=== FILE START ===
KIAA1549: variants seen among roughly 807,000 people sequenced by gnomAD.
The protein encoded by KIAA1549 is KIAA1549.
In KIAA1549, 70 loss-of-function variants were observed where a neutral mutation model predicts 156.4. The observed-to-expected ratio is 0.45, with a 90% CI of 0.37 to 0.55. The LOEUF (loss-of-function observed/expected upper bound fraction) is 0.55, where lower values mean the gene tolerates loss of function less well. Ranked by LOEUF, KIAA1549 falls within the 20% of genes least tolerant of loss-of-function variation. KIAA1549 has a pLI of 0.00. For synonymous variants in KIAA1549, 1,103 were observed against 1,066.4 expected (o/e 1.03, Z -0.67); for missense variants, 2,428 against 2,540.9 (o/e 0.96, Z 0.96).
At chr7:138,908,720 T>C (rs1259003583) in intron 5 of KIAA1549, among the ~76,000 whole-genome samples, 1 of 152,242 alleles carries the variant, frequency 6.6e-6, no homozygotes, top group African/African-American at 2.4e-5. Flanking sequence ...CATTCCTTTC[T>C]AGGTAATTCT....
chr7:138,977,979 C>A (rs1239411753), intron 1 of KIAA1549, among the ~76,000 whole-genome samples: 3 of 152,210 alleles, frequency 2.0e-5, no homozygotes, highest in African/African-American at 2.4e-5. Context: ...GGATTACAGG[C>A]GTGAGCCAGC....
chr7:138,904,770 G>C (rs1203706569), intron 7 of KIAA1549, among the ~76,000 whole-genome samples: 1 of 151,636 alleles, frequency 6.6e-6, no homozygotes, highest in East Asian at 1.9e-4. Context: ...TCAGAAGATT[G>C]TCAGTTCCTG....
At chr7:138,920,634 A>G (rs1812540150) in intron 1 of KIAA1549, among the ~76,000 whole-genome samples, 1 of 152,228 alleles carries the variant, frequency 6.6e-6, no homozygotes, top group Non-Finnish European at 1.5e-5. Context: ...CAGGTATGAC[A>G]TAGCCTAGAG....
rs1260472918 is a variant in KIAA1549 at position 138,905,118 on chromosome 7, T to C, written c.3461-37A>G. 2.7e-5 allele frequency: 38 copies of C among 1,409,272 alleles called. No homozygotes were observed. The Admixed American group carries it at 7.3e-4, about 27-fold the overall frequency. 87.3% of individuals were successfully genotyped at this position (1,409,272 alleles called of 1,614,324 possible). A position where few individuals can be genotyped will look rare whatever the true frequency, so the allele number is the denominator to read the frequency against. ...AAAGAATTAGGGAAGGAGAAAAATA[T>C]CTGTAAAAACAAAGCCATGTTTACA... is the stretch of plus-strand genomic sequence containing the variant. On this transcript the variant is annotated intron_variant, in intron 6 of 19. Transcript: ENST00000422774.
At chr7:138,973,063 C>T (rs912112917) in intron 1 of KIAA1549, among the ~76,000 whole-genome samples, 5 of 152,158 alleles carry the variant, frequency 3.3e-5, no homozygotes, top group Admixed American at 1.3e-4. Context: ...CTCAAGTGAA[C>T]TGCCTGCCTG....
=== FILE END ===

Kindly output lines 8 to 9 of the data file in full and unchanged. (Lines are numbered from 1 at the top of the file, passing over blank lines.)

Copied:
rs1260472918 is a variant in KIAA1549 at position 138,905,118 on chromosome 7, T to C, written c.3461-37A>G. 2.7e-5 allele frequency: 38 copies of C among 1,409,272 alleles called. No homozygotes were observed. The Admixed American group carries it at 7.3e-4, about 27-fold the overall frequency. 87.3% of individuals were successfully genotyped at this position (1,409,272 alleles called of 1,614,324 possible). A position where few individuals can be genotyped will look rare whatever the true frequency, so the allele number is the denominator to read the frequency against. ...AAAGAATTAGGGAAGGAGAAAAATA[T>C]CTGTAAAAACAAAGCCATGTTTACA... is the stretch of plus-strand genomic sequence containing the variant. On this transcript the variant is annotated intron_variant, in intron 6 of 19. Transcript: ENST00000422774.
At chr7:138,973,063 C>T (rs912112917) in intron 1 of KIAA1549, among the ~76,000 whole-genome samples, 5 of 152,158 alleles carry the variant, frequency 3.3e-5, no homozygotes, top group Admixed American at 1.3e-4. Context: ...CTCAAGTGAA[C>T]TGCCTGCCTG....